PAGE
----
HHS Issues Final Rule to Close Medicaid Loophole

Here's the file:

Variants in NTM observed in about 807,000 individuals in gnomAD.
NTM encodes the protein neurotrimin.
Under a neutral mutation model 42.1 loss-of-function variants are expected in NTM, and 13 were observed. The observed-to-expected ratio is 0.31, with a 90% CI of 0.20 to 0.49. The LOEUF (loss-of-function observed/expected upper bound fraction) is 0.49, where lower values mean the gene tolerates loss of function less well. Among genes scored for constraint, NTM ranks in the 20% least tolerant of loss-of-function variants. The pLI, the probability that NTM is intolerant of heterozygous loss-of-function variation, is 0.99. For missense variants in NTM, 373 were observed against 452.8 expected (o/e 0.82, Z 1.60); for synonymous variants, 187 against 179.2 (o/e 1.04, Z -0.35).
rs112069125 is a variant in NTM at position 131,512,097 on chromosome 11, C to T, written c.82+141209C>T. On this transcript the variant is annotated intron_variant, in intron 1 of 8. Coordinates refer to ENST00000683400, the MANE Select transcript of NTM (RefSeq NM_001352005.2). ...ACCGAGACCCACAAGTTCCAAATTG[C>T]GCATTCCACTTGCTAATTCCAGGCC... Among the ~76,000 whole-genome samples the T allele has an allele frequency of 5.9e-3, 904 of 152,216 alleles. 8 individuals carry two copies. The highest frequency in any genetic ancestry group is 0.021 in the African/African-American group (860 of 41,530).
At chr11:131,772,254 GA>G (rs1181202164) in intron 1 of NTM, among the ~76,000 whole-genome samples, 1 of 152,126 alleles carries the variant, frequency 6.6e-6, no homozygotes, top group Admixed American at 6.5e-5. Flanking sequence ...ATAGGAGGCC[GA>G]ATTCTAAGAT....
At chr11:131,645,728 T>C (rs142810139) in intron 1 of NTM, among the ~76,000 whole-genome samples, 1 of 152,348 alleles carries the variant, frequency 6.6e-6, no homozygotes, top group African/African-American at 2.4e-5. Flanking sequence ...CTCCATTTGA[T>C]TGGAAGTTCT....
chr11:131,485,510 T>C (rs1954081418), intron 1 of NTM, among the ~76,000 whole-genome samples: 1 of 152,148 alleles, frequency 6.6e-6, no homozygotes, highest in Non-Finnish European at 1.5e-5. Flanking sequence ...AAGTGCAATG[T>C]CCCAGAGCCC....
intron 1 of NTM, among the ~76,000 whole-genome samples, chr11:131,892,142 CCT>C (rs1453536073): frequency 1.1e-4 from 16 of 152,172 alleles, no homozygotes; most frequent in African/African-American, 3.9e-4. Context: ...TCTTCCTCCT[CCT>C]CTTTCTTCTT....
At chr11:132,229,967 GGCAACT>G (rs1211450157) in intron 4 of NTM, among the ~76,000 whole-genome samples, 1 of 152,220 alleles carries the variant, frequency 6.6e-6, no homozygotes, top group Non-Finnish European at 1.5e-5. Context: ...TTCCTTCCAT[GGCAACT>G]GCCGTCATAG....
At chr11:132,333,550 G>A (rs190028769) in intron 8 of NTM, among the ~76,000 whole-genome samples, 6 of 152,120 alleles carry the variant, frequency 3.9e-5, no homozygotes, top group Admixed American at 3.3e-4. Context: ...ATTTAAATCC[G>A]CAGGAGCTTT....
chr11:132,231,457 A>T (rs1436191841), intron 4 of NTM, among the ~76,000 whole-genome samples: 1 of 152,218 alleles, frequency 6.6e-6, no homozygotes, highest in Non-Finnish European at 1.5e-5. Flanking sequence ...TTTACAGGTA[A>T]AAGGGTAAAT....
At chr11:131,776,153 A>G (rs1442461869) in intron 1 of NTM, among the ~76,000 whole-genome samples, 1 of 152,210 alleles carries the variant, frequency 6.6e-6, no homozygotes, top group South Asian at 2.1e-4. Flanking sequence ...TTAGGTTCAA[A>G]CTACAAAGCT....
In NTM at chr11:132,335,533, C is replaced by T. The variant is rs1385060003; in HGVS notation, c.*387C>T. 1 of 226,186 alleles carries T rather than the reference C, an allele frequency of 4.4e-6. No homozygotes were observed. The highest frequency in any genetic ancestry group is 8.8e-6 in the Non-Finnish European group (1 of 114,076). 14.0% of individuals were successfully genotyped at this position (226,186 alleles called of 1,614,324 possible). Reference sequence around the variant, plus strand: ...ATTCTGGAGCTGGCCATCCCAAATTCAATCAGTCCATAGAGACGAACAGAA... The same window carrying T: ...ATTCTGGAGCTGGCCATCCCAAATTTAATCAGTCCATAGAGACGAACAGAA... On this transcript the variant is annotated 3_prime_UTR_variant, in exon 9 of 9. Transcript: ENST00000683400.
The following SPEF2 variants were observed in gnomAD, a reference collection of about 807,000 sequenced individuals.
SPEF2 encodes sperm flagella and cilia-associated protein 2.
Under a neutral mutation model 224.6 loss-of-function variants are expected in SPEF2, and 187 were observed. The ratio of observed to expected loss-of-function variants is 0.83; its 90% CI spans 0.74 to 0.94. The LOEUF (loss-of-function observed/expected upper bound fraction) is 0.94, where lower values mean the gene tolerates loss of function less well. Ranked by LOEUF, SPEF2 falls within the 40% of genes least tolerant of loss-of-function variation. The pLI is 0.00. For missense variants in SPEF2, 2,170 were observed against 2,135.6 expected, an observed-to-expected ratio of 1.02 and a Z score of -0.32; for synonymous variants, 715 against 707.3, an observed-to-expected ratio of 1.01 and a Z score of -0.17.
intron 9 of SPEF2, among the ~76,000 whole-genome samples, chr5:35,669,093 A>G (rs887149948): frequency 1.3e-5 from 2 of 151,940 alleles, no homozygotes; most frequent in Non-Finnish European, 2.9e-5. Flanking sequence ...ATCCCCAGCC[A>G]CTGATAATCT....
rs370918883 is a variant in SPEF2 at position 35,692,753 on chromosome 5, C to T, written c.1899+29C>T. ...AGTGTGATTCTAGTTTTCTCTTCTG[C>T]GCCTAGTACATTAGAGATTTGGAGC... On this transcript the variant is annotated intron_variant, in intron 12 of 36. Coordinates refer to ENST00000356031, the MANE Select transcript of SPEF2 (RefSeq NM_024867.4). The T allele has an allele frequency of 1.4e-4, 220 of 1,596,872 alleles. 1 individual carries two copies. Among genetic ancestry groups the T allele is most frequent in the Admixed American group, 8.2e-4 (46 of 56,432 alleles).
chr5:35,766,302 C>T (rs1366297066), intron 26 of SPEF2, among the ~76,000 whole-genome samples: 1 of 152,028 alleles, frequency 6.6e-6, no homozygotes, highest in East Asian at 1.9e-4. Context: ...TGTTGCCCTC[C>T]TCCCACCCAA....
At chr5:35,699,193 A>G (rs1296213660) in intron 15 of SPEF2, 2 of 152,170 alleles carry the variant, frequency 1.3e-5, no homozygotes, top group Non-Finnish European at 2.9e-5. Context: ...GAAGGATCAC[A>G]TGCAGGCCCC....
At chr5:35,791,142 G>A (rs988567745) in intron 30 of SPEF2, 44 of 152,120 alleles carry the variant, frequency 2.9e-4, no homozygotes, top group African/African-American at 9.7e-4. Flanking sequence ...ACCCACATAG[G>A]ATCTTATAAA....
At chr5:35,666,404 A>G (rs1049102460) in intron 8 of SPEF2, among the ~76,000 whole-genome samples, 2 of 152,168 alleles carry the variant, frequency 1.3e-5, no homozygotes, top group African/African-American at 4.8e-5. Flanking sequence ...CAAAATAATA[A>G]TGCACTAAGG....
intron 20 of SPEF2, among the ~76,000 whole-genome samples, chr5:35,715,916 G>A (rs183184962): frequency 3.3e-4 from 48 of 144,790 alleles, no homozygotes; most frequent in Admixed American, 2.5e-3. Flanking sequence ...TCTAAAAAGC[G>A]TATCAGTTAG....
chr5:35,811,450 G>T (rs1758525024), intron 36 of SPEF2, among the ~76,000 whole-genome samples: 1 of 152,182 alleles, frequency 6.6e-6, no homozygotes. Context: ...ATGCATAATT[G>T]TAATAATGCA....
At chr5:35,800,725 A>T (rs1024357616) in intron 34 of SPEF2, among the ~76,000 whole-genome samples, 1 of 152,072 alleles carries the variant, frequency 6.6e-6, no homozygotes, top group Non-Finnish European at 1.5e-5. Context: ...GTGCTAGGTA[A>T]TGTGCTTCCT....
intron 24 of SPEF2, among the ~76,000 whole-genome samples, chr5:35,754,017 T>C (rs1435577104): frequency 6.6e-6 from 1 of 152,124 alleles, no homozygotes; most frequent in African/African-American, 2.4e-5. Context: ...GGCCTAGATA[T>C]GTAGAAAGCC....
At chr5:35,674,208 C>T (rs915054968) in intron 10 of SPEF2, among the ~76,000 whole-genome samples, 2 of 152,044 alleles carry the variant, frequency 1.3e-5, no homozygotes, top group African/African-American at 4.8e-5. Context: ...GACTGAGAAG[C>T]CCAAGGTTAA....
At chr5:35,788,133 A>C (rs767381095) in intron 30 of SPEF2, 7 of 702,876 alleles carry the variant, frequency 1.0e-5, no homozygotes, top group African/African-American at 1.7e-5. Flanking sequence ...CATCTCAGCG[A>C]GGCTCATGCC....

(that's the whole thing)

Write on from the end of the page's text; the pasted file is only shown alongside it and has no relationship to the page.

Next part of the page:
As required by the Medicare, Medicaid and SCHIP Benefits Improvement and Protection Act of 2000 (HR 5661), HHS on Jan. 5 finalized the rule on "upper payment limits" and Medicaid funding, closing a loophole that cost the federal government nearly $2 billion in increased Medicaid costs for fiscal year 2000 alone. Twenty-five states have "approved plans that implement programs supporting the loophole," according to a HCFA release (HCFA release, 1/5). Under the loophole, states pay city- or county-owned care facilities more than the actual cost of health services, receive additional matching funds from HCFA and then require the facilities to return the extra state funds. The state then sometimes pays the facilities a small fee for participating, and uses the funds for health and/or non-health-related items. The final regulation is based on a proposed rule announced on Oct. 5, 2000. That rule modifies Medicaid's upper payment limit rules and also allows states a certain amount of time to transition to the new rules, based on when they began using the loophole. States that used the loophole before Oct. 1, 1992, have eight years to end its use; states using the loophole after Oct. 1, 1992, but before Oct. 1, 1999, have five years; and other states with "plans that have lapsed into approval" have two years to phase out their use of the loophole. No state will have reduced Medicaid reimbursements during the 2001 budget year. Furthermore, the final rule allows a higher hospital specific limit on disproportionate share hospital payments and provides states with additional disproportionate share funds "in recognition for the higher costs that these facilities incur," according to the HCFA release. By closing the loophole, the government is expected to save about $55 billion over the next 10 years (HCFA release, 1/5). However, some states, such as Louisiana, are reportedly allowed to begin using the loophole now. In Louisiana's case, the state expects to gain as much as $1 billion dollars over the next two years. To read the Oct. 5 proposed rule to close the loophole, visit the Federal Register at http://frwebgate.access.gpo.gov/cgi-bin/getdoc.cgi?dbname=2000_register&docid=00-25935-filed. The final rule will be published this week in the Federal Register and will take effect in 60 days.This is part of the California Healthline Daily Edition, a summary of health policy coverage from major news organizations. Sign up for an email subscription.